FAIRHOPE – Eastern Shore Metropolitan Planning Organization members plan to vote Wednesday, June 9, on the question of adding a new Interstate 10 bridge over the Mobile River and Bayway improvements to upcoming state highway projects.
The MPO and Alabama Department of Transportation held a public meeting Wednesday, May 19, to discuss the proposals.
Edwin Perry, ALDOT regional pre-construction engineer, said the current plans calls for construction in three phases.
The first phase would include a four-lane toll bridge over the Mobile River for commercial trucks. That phase would also include restriping the Bayway to increase the number of lanes in each direction from two to three.
The second phase would include adding a second bridge. A new elevated highway over Mobile Bay would be part of the third phase.
“Phasing the project allows the project to start sooner and provide congestion relief,” Perry said. “It removes the signed hazardous detour route from Africatown and provides additional capacity for trucks crossing the river.”
He said work on the first phase of the project could start next year.
“We are anticipating that it will take six to nine months to complete the additional studies to phase the project and it will be mid to late 2022 until the project can be ready to start the first phase,” Perry said.
Members of the MPO said building the project in phases would take too much time as traffic counts increase.
“A new Bayway must be finished as the bridge is constructed,” Baldwin County Commission Chairman Joe Davis said. “Just moving the bottleneck from one place to the other isn’t an improvement. We know it’s going to take money and we’re going to do everything we can to address that.”
Davis said traffic numbers on I-10 continue to grow. He said the highway over Mobile Bay is one of the biggest bottlenecks on I-10, which extends from Jacksonville, Fla. to Los Angeles.
“This is vital to this entire region. Mobile and Baldwin County both will prosper if we can get this done,” Davis said. “If the bridge is started today, we’re looking at four years. How much is the traffic going to increase between Mobile and Baldwin County? How much can it increase before the infrastructure fails?”
Fairhope City Council President Jack Burrell, chairman of the Eastern Shore MPO, said the phased approach would work, but still leaves questions.
“We asked the governor to ask ALDOT to come up with a plan that would work, and this will work,” Burrell said. “This is a plan that will work. This phased approach will work. As we talked about it though, well, can we afford to wait on Phase 2? Can we afford to wait on Phase 3? Because we really need the entire scope of the project done sooner rather than later. How is Phase 2 going to be paid for? How is Phase 3 going to be paid for? We don’t know that.”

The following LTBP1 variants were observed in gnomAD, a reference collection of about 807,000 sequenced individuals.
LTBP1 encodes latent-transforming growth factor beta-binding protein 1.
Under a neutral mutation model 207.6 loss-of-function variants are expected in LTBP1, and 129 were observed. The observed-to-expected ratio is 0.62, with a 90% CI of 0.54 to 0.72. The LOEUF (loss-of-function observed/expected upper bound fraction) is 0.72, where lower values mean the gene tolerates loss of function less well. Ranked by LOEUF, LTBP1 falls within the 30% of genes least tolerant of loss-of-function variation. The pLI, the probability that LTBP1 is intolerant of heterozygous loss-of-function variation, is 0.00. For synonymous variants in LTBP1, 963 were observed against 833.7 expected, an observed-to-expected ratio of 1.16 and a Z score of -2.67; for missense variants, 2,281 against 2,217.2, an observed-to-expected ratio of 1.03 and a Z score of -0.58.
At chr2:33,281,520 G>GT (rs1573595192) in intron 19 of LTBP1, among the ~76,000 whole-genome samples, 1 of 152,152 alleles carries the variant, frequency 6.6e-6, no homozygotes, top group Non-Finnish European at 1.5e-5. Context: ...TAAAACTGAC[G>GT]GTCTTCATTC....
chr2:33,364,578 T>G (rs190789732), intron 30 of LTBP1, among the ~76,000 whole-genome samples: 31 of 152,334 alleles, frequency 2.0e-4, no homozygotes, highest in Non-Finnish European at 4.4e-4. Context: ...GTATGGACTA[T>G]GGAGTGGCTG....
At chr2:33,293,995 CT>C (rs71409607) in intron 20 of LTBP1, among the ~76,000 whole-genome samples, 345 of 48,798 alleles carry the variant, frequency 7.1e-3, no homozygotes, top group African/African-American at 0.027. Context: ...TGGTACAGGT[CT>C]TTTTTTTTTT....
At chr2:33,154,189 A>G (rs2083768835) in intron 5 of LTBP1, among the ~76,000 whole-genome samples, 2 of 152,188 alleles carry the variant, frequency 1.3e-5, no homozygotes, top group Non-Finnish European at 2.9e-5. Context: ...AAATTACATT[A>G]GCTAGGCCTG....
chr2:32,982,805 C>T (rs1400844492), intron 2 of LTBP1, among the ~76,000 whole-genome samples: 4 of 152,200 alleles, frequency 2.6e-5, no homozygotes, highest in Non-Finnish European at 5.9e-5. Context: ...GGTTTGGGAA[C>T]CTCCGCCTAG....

He said one alternative could be to seek a loan from the federal government at a low interest rate, or no interest, to build the entire project. The total cost of the work was estimated at $2.1 billion in 2019. He said the cost could be paid with a toll on the new bridge of about $2.25 with no tolls on the current Bayway or other existing roads and tunnels.
Burrell said the project could be paid for in 20 years, allowing tolls to be lifted.
Audience members said they were concerned about the effect of tolls proposed for trucks in the first phase.
Daniel Wright is president of the trucking company Wright Transportation in Mobile and is also on the board of the Alabama Truck Association. He said the entire burden of paying for the first phase should not be placed on the trucking industry.
“We want to be a part of the solution,” Wright said. “Our industry has always been a part of the solution in infrastructure and things of that nature. We just feel that in this project, our industry has been singled out to pay for this entire bridge. We don’t think it’s fair. We don’t necessarily think it’s a long-term solution.”
Africatown resident Joe Womack Jr. said that if tolls are placed on trucks going over the new bridge, truckers will use the Africatown Bridge to avoid paying.
“For the last 10 years I worked, I was a trucker and I know we used to run around tolls and scales all the time to save money,” Womack said. “What guarantee that those trucks are not going to just run around that toll?”
He said increasing traffic on the Africatown Bridge would hurt residents’ efforts to develop the area’s potential as a site for visitors.
Perry said the studies scheduled to be done before construction will look at the potential effects of tolls on traffic in the area, including Africatown.
Burrell said trucks carrying hazardous materials are now detoured over the Africatown Bridge. He said the toll bridge would allow those vehicles to avoid the detour through the community.
“Every truck that pays that toll is one less truck going through Africatown,” Burrell said.